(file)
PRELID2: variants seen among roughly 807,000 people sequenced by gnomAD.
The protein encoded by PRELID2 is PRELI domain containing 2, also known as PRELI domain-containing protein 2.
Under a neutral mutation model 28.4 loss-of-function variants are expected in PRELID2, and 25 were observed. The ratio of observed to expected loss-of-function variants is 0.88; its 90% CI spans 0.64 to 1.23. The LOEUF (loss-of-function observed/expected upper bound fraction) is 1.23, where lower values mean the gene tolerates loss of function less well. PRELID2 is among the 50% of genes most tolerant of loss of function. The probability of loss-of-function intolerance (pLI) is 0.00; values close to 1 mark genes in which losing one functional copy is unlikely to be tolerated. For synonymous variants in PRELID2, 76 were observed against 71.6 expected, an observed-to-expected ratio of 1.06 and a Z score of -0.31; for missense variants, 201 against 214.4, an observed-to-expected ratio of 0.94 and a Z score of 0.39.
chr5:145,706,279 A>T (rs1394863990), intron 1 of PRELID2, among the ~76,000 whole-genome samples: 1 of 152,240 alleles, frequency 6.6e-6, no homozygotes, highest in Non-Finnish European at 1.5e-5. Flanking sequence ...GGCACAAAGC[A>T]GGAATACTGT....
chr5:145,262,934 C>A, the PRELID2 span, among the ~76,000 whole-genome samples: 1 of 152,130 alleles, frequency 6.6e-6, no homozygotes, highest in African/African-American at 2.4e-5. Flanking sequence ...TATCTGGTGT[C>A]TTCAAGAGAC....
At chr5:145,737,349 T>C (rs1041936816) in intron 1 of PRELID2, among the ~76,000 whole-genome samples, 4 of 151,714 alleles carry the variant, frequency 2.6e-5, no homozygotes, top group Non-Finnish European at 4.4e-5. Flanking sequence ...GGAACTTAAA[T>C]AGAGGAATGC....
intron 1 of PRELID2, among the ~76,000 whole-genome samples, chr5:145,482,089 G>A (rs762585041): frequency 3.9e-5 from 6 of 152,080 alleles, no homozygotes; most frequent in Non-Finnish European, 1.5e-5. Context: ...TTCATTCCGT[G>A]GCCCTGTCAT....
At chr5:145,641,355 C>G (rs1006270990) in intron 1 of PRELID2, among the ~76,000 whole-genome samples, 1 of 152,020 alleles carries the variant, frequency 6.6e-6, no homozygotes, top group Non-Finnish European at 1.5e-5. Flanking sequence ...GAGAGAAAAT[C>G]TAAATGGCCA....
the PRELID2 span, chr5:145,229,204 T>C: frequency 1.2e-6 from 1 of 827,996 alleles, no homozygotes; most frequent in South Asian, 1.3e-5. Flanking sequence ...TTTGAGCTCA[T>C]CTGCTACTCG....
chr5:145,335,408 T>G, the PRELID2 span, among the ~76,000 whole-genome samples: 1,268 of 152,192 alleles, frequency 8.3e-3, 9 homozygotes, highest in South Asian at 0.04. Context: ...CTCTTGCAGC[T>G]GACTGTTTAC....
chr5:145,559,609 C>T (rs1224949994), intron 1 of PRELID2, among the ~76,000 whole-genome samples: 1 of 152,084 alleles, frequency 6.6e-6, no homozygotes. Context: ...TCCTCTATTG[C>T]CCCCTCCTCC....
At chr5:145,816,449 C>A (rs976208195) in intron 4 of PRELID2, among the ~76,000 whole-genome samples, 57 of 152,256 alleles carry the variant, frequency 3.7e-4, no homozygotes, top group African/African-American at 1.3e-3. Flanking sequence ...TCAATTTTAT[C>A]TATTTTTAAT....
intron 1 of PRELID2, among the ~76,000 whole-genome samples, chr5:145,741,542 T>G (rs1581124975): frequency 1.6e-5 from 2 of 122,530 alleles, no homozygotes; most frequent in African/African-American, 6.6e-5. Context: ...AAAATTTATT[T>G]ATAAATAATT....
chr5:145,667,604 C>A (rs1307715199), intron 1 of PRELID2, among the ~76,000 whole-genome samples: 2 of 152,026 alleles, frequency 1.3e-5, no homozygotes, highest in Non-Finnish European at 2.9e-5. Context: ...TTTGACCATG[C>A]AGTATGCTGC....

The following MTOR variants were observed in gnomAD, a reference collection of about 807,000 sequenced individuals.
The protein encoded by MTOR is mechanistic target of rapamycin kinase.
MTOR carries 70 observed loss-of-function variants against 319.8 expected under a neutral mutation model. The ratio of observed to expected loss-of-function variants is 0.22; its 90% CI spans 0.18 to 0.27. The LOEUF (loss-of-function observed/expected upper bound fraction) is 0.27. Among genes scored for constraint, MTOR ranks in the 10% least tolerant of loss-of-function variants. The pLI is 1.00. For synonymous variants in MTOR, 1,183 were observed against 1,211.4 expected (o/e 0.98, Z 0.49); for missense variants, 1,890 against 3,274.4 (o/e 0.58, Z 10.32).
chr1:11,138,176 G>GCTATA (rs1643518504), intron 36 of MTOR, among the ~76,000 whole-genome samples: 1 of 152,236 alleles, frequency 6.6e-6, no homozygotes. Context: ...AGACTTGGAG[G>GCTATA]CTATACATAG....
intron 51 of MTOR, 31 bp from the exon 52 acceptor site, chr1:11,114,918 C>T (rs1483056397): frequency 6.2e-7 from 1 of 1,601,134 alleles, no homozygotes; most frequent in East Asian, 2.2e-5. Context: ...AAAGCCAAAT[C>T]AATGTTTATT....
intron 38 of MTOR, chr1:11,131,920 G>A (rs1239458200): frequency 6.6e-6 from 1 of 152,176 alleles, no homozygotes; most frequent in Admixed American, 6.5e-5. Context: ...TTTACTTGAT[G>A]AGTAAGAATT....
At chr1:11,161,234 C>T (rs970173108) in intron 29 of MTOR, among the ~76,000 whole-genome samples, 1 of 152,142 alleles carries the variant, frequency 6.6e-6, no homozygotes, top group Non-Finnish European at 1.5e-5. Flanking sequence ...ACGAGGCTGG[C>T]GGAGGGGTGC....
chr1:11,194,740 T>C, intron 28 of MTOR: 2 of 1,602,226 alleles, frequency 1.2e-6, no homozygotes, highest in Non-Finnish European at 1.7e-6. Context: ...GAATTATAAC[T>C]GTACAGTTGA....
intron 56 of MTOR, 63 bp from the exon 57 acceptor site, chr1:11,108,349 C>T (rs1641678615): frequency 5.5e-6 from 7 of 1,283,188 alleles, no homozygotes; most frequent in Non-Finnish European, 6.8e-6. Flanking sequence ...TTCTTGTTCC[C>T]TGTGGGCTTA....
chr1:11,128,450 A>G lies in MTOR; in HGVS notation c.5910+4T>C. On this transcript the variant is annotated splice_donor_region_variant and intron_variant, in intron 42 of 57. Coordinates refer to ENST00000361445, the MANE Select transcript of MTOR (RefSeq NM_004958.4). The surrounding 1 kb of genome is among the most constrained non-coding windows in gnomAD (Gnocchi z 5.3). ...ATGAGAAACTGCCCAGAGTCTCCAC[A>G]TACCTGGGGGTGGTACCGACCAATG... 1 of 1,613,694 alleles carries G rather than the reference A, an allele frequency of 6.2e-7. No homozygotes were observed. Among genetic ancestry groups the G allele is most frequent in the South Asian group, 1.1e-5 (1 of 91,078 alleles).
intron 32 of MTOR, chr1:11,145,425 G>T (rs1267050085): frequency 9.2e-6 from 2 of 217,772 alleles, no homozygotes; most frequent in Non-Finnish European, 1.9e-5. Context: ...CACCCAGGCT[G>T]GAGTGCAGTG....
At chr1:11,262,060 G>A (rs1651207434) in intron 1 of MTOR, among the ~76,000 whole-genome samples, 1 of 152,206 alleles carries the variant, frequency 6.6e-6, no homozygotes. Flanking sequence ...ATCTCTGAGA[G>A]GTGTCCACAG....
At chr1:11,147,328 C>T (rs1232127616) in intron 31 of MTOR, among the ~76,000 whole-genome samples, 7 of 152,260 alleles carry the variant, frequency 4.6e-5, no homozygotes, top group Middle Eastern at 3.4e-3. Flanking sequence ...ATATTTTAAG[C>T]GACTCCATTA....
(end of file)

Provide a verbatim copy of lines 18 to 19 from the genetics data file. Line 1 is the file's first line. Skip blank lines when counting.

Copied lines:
chr1:11,138,176 G>GCTATA (rs1643518504), intron 36 of MTOR, among the ~76,000 whole-genome samples: 1 of 152,236 alleles, frequency 6.6e-6, no homozygotes. Context: ...AGACTTGGAG[G>GCTATA]CTATACATAG....
intron 51 of MTOR, 31 bp from the exon 52 acceptor site, chr1:11,114,918 C>T (rs1483056397): frequency 6.2e-7 from 1 of 1,601,134 alleles, no homozygotes; most frequent in East Asian, 2.2e-5. Context: ...AAAGCCAAAT[C>T]AATGTTTATT....